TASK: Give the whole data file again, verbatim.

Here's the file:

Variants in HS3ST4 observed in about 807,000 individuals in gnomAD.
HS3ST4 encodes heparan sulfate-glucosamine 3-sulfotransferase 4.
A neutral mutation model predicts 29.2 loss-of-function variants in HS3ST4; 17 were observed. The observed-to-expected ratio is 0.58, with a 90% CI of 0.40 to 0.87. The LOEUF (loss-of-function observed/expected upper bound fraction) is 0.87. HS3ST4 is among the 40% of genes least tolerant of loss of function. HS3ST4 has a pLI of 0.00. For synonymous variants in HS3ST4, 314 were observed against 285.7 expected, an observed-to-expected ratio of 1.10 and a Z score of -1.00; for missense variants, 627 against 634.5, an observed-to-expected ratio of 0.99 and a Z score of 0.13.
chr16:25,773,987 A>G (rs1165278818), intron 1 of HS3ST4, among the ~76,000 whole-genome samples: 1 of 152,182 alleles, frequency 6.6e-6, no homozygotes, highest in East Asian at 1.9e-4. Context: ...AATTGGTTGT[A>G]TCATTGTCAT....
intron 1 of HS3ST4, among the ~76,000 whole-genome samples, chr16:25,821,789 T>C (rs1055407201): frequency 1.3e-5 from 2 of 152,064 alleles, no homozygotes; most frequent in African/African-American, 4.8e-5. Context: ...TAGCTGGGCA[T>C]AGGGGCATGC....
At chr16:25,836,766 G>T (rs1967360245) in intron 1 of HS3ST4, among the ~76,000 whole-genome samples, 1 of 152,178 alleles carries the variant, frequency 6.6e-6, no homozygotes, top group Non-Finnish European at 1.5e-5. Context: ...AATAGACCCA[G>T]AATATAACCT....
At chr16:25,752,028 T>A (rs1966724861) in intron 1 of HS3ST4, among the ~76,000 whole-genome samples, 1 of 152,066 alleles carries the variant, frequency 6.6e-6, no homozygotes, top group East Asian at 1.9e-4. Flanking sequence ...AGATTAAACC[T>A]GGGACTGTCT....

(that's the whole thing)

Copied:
Variants in HS3ST4 observed in about 807,000 individuals in gnomAD.
HS3ST4 encodes heparan sulfate-glucosamine 3-sulfotransferase 4.
A neutral mutation model predicts 29.2 loss-of-function variants in HS3ST4; 17 were observed. The observed-to-expected ratio is 0.58, with a 90% CI of 0.40 to 0.87. The LOEUF (loss-of-function observed/expected upper bound fraction) is 0.87. HS3ST4 is among the 40% of genes least tolerant of loss of function. HS3ST4 has a pLI of 0.00. For synonymous variants in HS3ST4, 314 were observed against 285.7 expected, an observed-to-expected ratio of 1.10 and a Z score of -1.00; for missense variants, 627 against 634.5, an observed-to-expected ratio of 0.99 and a Z score of 0.13.
chr16:25,773,987 A>G (rs1165278818), intron 1 of HS3ST4, among the ~76,000 whole-genome samples: 1 of 152,182 alleles, frequency 6.6e-6, no homozygotes, highest in East Asian at 1.9e-4. Context: ...AATTGGTTGT[A>G]TCATTGTCAT....
intron 1 of HS3ST4, among the ~76,000 whole-genome samples, chr16:25,821,789 T>C (rs1055407201): frequency 1.3e-5 from 2 of 152,064 alleles, no homozygotes; most frequent in African/African-American, 4.8e-5. Context: ...TAGCTGGGCA[T>C]AGGGGCATGC....
At chr16:25,836,766 G>T (rs1967360245) in intron 1 of HS3ST4, among the ~76,000 whole-genome samples, 1 of 152,178 alleles carries the variant, frequency 6.6e-6, no homozygotes, top group Non-Finnish European at 1.5e-5. Context: ...AATAGACCCA[G>T]AATATAACCT....
At chr16:25,752,028 T>A (rs1966724861) in intron 1 of HS3ST4, among the ~76,000 whole-genome samples, 1 of 152,066 alleles carries the variant, frequency 6.6e-6, no homozygotes, top group East Asian at 1.9e-4. Flanking sequence ...AGATTAAACC[T>A]GGGACTGTCT....